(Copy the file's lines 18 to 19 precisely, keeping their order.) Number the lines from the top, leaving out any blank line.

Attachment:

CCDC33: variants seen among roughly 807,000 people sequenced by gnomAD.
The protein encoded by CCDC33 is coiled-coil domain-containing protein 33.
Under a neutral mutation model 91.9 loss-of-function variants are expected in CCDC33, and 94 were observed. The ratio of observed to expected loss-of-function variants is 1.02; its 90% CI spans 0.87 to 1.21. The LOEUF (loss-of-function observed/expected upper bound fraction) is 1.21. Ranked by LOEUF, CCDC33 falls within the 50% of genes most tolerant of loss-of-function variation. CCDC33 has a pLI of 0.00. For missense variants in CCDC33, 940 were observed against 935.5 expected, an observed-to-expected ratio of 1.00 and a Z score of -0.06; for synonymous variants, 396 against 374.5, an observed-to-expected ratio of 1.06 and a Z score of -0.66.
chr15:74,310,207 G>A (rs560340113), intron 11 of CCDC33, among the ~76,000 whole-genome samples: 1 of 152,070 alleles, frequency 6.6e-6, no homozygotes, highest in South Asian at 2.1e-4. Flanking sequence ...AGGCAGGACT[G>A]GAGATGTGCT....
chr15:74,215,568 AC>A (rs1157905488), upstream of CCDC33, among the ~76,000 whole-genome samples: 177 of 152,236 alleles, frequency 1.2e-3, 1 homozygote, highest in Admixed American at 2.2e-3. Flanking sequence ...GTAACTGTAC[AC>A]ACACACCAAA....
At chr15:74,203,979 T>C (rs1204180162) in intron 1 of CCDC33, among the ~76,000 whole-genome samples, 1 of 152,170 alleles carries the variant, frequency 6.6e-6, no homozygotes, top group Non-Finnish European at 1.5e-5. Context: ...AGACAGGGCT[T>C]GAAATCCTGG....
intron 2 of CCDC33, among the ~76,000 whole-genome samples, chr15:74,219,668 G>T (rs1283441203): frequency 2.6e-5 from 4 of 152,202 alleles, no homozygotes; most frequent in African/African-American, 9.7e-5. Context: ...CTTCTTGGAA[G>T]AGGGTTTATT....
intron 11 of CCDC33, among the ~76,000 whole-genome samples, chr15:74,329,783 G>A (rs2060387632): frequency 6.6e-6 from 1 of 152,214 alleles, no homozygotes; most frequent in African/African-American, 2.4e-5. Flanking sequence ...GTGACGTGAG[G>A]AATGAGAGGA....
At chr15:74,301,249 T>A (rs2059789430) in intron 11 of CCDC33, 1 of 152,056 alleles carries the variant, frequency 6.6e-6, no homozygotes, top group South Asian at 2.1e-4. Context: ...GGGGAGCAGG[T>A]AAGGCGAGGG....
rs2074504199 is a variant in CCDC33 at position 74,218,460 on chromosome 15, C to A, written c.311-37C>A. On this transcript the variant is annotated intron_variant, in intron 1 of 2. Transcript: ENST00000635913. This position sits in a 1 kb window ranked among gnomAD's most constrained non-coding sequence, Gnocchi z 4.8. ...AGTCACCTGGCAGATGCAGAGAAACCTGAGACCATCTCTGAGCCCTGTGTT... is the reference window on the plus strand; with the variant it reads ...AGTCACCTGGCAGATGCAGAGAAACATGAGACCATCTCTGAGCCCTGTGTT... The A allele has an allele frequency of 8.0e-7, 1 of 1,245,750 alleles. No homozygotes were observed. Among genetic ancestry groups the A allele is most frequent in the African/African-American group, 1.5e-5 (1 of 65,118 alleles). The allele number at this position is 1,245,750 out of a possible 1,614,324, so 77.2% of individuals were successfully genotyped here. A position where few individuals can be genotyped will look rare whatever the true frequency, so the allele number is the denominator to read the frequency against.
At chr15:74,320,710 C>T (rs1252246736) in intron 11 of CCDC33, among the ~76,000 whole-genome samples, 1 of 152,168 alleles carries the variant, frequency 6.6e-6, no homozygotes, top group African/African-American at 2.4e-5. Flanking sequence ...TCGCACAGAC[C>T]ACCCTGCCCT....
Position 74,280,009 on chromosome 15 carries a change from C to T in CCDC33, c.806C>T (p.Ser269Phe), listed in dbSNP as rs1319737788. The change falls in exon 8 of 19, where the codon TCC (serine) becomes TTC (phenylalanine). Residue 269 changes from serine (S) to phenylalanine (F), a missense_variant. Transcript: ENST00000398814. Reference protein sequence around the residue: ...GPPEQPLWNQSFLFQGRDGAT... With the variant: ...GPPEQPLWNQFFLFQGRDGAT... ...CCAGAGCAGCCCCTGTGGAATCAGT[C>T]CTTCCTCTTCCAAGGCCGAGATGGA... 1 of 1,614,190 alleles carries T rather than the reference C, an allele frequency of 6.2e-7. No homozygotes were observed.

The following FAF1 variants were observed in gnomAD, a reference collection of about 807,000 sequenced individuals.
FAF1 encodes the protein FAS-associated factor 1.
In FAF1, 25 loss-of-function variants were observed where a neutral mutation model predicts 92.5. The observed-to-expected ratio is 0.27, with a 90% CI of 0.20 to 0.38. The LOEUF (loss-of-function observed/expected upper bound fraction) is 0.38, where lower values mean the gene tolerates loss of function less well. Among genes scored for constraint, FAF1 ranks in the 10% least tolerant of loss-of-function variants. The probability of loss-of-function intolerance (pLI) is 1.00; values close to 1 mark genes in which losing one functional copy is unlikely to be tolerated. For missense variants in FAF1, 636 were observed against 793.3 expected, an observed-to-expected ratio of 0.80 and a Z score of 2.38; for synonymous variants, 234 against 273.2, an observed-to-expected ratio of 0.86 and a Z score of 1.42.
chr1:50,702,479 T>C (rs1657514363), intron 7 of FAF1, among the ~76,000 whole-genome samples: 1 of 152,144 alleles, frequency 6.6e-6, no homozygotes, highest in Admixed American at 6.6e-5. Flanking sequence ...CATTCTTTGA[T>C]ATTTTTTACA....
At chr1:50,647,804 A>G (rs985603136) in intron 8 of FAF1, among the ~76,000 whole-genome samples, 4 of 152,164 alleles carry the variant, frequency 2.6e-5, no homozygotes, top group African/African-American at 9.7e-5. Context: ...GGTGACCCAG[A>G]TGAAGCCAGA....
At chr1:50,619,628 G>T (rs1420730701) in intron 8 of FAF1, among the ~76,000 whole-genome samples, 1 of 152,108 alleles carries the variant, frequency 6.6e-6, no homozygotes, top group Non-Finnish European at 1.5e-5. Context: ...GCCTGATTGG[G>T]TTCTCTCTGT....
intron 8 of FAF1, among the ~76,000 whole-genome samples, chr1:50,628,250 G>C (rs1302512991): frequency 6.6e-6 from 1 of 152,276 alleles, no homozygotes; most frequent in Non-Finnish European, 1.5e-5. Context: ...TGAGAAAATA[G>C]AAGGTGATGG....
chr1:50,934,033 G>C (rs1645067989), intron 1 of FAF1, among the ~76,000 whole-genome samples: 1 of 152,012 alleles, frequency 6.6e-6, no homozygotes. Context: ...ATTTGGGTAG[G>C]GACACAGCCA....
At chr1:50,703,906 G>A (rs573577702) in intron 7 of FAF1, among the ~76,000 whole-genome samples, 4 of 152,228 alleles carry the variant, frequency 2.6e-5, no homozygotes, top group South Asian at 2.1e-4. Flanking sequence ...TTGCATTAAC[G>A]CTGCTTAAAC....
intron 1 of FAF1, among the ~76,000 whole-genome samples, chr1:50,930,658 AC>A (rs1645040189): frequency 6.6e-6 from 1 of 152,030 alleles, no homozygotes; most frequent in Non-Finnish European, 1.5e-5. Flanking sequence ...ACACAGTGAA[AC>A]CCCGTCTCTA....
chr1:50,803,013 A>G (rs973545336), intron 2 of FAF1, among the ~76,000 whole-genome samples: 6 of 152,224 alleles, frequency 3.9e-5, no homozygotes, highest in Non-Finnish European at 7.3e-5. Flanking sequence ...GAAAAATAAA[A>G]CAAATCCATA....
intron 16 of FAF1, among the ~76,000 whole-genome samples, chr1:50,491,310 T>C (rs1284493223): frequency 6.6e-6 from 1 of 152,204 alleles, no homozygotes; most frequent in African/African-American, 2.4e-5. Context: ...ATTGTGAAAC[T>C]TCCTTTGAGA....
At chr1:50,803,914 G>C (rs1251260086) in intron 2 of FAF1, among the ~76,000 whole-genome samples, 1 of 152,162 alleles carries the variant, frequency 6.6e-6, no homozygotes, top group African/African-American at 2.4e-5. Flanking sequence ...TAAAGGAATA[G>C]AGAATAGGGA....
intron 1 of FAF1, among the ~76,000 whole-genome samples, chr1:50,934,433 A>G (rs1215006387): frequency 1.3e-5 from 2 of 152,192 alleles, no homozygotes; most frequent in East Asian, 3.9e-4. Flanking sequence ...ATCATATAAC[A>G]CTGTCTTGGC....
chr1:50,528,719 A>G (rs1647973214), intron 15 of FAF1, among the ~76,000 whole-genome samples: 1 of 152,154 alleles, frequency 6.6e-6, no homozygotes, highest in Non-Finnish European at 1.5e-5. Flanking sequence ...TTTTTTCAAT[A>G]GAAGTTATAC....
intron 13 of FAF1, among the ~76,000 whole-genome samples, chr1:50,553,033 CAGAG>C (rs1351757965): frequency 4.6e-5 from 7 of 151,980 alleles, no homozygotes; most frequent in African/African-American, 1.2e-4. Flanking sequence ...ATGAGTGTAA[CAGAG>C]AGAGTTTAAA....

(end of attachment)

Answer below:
At chr1:50,619,628 G>T (rs1420730701) in intron 8 of FAF1, among the ~76,000 whole-genome samples, 1 of 152,108 alleles carries the variant, frequency 6.6e-6, no homozygotes, top group Non-Finnish European at 1.5e-5. Context: ...GCCTGATTGG[G>T]TTCTCTCTGT....
intron 8 of FAF1, among the ~76,000 whole-genome samples, chr1:50,628,250 G>C (rs1302512991): frequency 6.6e-6 from 1 of 152,276 alleles, no homozygotes; most frequent in Non-Finnish European, 1.5e-5. Context: ...TGAGAAAATA[G>C]AAGGTGATGG....